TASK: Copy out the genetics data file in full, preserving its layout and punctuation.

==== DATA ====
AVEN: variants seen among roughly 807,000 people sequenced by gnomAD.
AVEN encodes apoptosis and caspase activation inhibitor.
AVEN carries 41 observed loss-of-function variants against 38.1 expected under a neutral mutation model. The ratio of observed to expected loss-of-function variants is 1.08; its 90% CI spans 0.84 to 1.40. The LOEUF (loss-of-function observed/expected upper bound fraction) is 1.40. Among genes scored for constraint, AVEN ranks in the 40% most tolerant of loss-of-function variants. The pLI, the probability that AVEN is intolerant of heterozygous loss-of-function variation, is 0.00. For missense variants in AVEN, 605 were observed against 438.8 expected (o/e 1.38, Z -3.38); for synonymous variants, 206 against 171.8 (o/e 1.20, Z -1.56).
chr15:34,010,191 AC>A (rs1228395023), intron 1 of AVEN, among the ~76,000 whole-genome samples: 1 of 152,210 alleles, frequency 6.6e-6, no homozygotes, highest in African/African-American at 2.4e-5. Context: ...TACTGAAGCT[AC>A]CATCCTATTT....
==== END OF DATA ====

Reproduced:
AVEN: variants seen among roughly 807,000 people sequenced by gnomAD.
AVEN encodes apoptosis and caspase activation inhibitor.
AVEN carries 41 observed loss-of-function variants against 38.1 expected under a neutral mutation model. The ratio of observed to expected loss-of-function variants is 1.08; its 90% CI spans 0.84 to 1.40. The LOEUF (loss-of-function observed/expected upper bound fraction) is 1.40. Among genes scored for constraint, AVEN ranks in the 40% most tolerant of loss-of-function variants. The pLI, the probability that AVEN is intolerant of heterozygous loss-of-function variation, is 0.00. For missense variants in AVEN, 605 were observed against 438.8 expected (o/e 1.38, Z -3.38); for synonymous variants, 206 against 171.8 (o/e 1.20, Z -1.56).
chr15:34,010,191 AC>A (rs1228395023), intron 1 of AVEN, among the ~76,000 whole-genome samples: 1 of 152,210 alleles, frequency 6.6e-6, no homozygotes, highest in African/African-American at 2.4e-5. Context: ...TACTGAAGCT[AC>A]CATCCTATTT....